How to Make Your Home More Accessible for Your Wheelchair

by Medical XPress

Woman in wheelchair chopping vegetables at low countertopFor people who use a wheelchair, navigating their home can be a significant challenge. It's essential to make your home more accessible and comfortable to move around in to improve your quality of life. There are several simple changes you can make to your home to make it more wheelchair-friendly. While you may not be able to perform all of these modifications in your home, even adding a few upgrades can significantly improve your mobility and independence.

Assess Your Home

The first step in making your home more wheelchair-accessible is to assess your current living space. Consider what areas of your home are difficult to navigate and identify any potential hazards or obstacles that may pose a danger. Take measurements of doorways, hallways, and other areas to determine if they are wide enough for your wheelchair.

Identify Areas for Improvement

Once you have assessed your home, make a list of areas that need improvement. Focus on the most critical areas first, such as the bathroom, bedroom, and kitchen. These areas are where you will spend the most time and are essential for your comfort and safety.

Widen Doorways

One of the most significant obstacles for people who use a wheelchair is narrow doorways. Even if your wheelchair can fit through your current doorways, you’re more likely to bang the edges of the doorframe with your wheels (or your knuckles) if they’re a standard width. Consider widening doorways to at least 32 inches to allow your wheelchair to move through comfortably. You can also install offset hinges or expandable swing-clear hinges to gain an extra inch or two of clearance.

Install Ramps

If you have steps leading up to your home or a porch or raised entryway, you will need a ramp to make it wheelchair accessible. You can build a permanent ramp or install a portable ramp that can be moved when needed. Make sure the ramp is sturdy and secure to avoid any accidents, and ensure that the slope is not too steep. Otherwise, you may struggle to get up the ramp in your wheelchair, and run the risk of having your wheelchair roll away with you on the way down!

Lower Countertops and Cabinets

In the kitchen and bathroom, lower countertops and cabinets to make them more accessible for someone in a wheelchair. This will make it easier for you to prepare meals and access your cooking supplies, as well as performing other tasks like simply washing your hands or doing the dishes. Lowering the countertops and cabinets will also give you more independence in the kitchen and control over your own nutrition, which can significantly improve your quality of life and overall sense of wellbeing.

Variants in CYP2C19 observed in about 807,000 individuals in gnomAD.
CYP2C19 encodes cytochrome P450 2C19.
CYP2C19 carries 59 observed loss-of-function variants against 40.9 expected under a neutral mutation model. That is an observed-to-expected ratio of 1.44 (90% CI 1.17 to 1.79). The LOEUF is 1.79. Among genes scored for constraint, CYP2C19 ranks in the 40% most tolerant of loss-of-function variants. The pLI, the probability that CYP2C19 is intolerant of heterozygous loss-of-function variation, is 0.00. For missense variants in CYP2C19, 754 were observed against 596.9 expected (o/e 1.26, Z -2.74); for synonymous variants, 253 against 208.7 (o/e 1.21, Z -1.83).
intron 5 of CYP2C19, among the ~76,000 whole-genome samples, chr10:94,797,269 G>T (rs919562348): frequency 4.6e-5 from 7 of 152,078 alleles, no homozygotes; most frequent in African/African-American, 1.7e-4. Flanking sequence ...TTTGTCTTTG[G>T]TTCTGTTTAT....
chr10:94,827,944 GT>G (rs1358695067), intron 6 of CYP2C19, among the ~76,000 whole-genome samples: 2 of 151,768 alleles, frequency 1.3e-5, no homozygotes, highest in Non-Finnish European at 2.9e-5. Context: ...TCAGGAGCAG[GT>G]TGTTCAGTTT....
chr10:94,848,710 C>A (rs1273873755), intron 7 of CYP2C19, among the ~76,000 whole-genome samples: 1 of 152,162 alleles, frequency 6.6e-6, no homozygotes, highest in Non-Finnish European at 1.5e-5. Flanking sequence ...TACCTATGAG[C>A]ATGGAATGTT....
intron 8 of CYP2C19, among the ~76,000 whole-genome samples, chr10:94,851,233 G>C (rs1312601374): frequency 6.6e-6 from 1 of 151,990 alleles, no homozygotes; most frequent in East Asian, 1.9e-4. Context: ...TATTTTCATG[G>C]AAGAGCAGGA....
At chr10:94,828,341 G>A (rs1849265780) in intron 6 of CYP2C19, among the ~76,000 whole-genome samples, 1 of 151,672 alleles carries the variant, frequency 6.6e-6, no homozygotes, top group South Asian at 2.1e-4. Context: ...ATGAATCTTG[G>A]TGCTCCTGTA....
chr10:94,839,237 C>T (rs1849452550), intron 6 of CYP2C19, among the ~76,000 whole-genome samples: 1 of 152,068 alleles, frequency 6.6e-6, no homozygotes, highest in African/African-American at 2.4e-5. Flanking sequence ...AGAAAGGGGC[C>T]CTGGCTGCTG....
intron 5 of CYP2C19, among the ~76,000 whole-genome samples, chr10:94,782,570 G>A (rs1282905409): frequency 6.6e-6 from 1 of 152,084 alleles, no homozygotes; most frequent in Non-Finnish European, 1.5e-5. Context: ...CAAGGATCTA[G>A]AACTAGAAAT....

Bathroom Modifications

The bathroom is another critical area to focus on when making your home more accessible. Consider installing a roll-in shower or walk-in bathtub that is wheelchair accessible (along with those lower countertops and sinks we mentioned earlier). Install grab bars and a shower seat to make showering safer and more comfortable. Also, consider raising the toilet seat or installing a raised toilet to make it easier to use.

Install a Stairlift or Elevator

If you have stairs in your home, consider installing a stairlift or residential elevator to make them more accessible. A stairlift is a chair that runs up and down the stairs on a track. It's an excellent solution for people who have difficulty climbing stairs but don't want to move to a single-story home. However, you can’t bring your wheelchair along for the ride, which means you’d need to have another wheelchair for the upper floor of your home, and ensure that it’s reachable from your stairlift so you can make an easy transition.

If you don’t want to worry about these transitions, a residential elevator is another alternative. Though more expensive to install, and requiring more drastic alterations to your home, it does allow you to simply roll inside the elevator cab in your wheelchair and more easily move between floors.

Consider Flooring

The type of flooring you have in your home can make a big difference in your ability to navigate your space. Consider installing hardwood, laminate, or tile flooring that is smooth and even. Avoid thick carpet or rugs that can be difficult to maneuver a wheelchair over.


Make sure your home is well lit to avoid any accidents or injuries. Install bright lights in hallways, stairways, and other areas of your home to ensure you can see where you're going. Consider adding motion sensors to lights so they turn on automatically when you enter a room.

At Medical Xpress, we offer a wide range of wheelchairs and accessibility improvements to help make your home more accessible. Contact us today to find the right wheelchair, walker, scooter, or other mobility device for your mobility needs. Don't let your home's lack of accessibility hold you back—take action today to make your home more wheelchair-friendly.